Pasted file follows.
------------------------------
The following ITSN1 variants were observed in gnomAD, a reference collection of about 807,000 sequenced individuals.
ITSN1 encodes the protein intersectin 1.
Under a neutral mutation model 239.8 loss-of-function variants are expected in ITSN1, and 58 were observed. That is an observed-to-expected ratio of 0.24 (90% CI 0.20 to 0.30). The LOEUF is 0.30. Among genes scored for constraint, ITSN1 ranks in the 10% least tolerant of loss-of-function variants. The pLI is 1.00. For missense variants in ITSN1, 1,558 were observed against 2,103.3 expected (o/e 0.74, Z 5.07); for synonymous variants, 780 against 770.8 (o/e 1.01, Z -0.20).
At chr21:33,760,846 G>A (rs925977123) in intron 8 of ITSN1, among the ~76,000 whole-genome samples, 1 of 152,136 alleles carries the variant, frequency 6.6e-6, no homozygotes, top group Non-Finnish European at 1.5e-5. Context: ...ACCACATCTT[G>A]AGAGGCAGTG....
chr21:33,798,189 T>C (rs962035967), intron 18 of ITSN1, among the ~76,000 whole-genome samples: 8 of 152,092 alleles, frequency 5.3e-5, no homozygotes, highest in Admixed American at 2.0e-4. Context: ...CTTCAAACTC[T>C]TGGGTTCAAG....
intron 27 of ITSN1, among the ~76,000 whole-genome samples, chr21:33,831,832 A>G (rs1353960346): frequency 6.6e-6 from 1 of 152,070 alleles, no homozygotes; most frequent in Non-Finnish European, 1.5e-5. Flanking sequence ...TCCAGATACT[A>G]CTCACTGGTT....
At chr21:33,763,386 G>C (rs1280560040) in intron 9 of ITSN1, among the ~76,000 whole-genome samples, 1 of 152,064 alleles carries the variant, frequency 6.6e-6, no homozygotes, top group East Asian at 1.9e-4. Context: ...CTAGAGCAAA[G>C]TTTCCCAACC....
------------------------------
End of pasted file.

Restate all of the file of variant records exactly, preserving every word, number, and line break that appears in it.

The following ITSN1 variants were observed in gnomAD, a reference collection of about 807,000 sequenced individuals.
ITSN1 encodes the protein intersectin 1.
Under a neutral mutation model 239.8 loss-of-function variants are expected in ITSN1, and 58 were observed. That is an observed-to-expected ratio of 0.24 (90% CI 0.20 to 0.30). The LOEUF is 0.30. Among genes scored for constraint, ITSN1 ranks in the 10% least tolerant of loss-of-function variants. The pLI is 1.00. For missense variants in ITSN1, 1,558 were observed against 2,103.3 expected (o/e 0.74, Z 5.07); for synonymous variants, 780 against 770.8 (o/e 1.01, Z -0.20).
At chr21:33,760,846 G>A (rs925977123) in intron 8 of ITSN1, among the ~76,000 whole-genome samples, 1 of 152,136 alleles carries the variant, frequency 6.6e-6, no homozygotes, top group Non-Finnish European at 1.5e-5. Context: ...ACCACATCTT[G>A]AGAGGCAGTG....
chr21:33,798,189 T>C (rs962035967), intron 18 of ITSN1, among the ~76,000 whole-genome samples: 8 of 152,092 alleles, frequency 5.3e-5, no homozygotes, highest in Admixed American at 2.0e-4. Context: ...CTTCAAACTC[T>C]TGGGTTCAAG....
intron 27 of ITSN1, among the ~76,000 whole-genome samples, chr21:33,831,832 A>G (rs1353960346): frequency 6.6e-6 from 1 of 152,070 alleles, no homozygotes; most frequent in Non-Finnish European, 1.5e-5. Flanking sequence ...TCCAGATACT[A>G]CTCACTGGTT....
At chr21:33,763,386 G>C (rs1280560040) in intron 9 of ITSN1, among the ~76,000 whole-genome samples, 1 of 152,064 alleles carries the variant, frequency 6.6e-6, no homozygotes, top group East Asian at 1.9e-4. Context: ...CTAGAGCAAA[G>C]TTTCCCAACC....